Agrippa I and the Persecution of the Christians in Jerusalem

Agrippa had become so devoted to Judaism, in fact, that he allowed an attack against the Christian church in Jerusalem now headed by the apostle James, the brother of John and son of Zebedee. In these early days of the church in Jerusalem there was a growing antagonism between the Greek-speaking Hellenized Jewish Christians and the Aramaic-speaking Jewish Christians. We read in Acts 10 that Peter baptized the first gentile and that Hellenized Jewish Christians were proselytizing and preaching in synagogues both within and outside of Jerusalem. The mission to the gentiles was aggressive and characterized by a new leniency: whereas in the past Jewish converts were forced to take on all aspects of Jewish law, now uncircumcised gentiles were welcomed into the church. This along with the failure of the new converts to observe the food laws or the Sabbath and the fact that they preferred the Greek Septuagint to the Hebrew or Aramaic Bible forced a breach to develop in the incipient Jewish-Christian community between conservative Jewish-Christians and those, like Peter and Paul, who baptized and preached to the gentiles as well as to the circumcised Jews. To summarize the distinction: the Aramaic-speaking Jewish Christians still regarded the Torah and Temple worship in Jerusalem as the central features of their worship; the Hellenized Jewish Christians considered Jesus the Messiah and thought that his authority had eclipsed that of Moses. These two groups were further divided on the question of whether all converts to Christianity were to be circumcised as well as baptized.

In recognition of this divide, Agrippa had ordered all the followers of Jesus to cut their hair so that they might be easily identified. Then, to please the Jewish Christians and the non-Christian Jewish priests and nobility, Agrippa authorized an attack against the Hellenized Christian Jews in Jerusalem. To the conservatives, the Messiah's claim that Israel would be restored in a long prosperous reign was irreconcilable with their continued subjugation to Rome. The kingdom of God had not appeared, and now gentiles could call themselves Jews but still flout the conventions and practices of Jewish law. It was perhaps to quell these dissentions that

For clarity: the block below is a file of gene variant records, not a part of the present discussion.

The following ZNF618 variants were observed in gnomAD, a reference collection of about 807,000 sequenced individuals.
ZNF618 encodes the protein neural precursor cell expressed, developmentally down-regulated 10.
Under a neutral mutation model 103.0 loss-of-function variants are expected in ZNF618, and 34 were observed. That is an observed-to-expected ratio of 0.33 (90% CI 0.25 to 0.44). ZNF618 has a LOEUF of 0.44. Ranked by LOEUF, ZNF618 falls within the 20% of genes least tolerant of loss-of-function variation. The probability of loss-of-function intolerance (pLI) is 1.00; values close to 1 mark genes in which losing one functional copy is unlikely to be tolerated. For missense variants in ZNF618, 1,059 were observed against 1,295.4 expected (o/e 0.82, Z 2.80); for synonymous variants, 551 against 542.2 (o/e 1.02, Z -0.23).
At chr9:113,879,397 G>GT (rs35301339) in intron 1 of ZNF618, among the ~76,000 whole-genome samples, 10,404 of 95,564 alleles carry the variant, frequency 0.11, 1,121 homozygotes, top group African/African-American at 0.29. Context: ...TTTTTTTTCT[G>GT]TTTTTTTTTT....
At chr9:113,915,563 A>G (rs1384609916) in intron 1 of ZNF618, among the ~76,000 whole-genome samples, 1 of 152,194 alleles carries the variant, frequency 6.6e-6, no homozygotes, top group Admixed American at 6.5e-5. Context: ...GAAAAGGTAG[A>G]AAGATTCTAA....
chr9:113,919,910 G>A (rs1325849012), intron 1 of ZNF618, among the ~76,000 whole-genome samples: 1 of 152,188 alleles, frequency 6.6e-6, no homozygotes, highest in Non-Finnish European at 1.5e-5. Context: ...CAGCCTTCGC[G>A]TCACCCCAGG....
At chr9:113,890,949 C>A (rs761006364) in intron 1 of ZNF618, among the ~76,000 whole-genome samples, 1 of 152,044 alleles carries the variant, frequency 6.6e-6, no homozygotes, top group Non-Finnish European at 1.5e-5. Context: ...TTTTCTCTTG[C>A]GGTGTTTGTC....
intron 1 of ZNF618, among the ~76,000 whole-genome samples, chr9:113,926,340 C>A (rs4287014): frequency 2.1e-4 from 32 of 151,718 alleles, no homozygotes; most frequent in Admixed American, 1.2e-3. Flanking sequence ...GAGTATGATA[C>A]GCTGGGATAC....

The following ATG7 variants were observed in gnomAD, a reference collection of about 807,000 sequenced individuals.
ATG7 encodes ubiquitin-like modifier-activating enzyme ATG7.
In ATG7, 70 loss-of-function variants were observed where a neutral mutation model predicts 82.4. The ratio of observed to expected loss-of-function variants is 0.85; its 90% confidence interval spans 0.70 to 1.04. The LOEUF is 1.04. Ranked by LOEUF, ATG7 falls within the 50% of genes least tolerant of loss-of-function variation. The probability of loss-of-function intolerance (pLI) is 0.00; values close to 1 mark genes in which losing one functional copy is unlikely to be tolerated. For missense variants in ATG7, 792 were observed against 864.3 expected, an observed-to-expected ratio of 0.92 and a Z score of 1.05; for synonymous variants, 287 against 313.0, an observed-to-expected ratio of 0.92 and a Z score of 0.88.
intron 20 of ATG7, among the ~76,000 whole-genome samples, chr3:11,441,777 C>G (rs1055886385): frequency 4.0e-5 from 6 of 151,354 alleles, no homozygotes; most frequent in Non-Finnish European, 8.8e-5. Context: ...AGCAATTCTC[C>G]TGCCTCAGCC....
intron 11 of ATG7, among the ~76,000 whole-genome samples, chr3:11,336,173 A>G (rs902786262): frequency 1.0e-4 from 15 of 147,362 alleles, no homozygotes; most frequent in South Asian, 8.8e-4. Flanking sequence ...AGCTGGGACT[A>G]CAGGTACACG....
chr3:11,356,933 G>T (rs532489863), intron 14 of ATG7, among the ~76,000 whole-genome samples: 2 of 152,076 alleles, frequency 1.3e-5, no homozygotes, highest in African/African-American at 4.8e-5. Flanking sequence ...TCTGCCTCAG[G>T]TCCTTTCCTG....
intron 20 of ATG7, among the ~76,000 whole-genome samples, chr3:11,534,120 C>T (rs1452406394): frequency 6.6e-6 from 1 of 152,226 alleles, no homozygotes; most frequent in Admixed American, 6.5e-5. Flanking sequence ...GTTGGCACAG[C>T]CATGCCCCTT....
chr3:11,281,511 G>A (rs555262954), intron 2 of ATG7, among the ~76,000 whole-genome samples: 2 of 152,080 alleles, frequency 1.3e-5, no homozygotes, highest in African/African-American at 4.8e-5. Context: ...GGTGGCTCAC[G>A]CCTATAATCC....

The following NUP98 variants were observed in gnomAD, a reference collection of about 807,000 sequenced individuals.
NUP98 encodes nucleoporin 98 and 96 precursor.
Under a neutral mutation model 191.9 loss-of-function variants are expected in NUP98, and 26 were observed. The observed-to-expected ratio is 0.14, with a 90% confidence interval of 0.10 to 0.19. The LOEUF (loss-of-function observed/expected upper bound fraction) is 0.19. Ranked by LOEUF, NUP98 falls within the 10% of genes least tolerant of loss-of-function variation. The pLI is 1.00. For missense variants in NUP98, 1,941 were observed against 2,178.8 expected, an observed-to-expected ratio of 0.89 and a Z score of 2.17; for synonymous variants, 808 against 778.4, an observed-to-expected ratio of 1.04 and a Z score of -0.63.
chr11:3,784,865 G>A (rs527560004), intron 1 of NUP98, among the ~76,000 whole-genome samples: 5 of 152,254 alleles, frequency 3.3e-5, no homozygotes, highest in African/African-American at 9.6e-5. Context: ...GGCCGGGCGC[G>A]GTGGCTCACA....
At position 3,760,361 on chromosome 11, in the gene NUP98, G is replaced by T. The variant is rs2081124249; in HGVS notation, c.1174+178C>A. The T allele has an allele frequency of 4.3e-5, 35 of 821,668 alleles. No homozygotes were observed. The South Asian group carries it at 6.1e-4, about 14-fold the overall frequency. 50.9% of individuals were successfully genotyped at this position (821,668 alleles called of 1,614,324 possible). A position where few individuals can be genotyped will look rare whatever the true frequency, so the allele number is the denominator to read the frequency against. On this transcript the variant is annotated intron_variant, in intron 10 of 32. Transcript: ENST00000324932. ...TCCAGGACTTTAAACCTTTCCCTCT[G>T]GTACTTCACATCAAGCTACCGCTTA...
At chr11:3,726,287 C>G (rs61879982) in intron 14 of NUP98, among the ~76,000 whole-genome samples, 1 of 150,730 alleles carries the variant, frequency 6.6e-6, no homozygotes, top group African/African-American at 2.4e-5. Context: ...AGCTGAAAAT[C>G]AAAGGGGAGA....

Agrippa ordered the apostle James, head of the Hellenized Christians, to be killed, and then when he saw that this pleased the Jews he had the apostle Peter imprisoned. The well-known story of Peter's escape, drawn from Acts 12.3, relates that even though Peter was under constant surveillance, his cell was illuminated by an angel who loosened his chains and opened the prison as the guards slept. Fleeing to a gathering of fellow Christians, he reported the miracle and then withdrew to a safer place. According to tradition, it was just after his escape from prison, in the reign of Claudius, that Peter went to Rome.

Agrippa died suddenly at Caesarea in 44 C.E. after only three years as king of the broad territories governed by his grandfather Herod the Great. His children—Berenice, Mariamme, Drusilla, and Agrippa II— were too young to assume his throne and so Palestine was taken over as a Roman territory under a procurator who answered to the governor of Syria. By most accounts his short reign was marked by his advocacy of Judaism and the revitalization of Jewish Temple worship. Yet, the accounts of his "persecution" of the Hellenized Jewish-Christian church in Jerusalem contradict that picture. In this view, Agrippa's persecution of the early church must be considered the catalyst in its final separation from Judaism.

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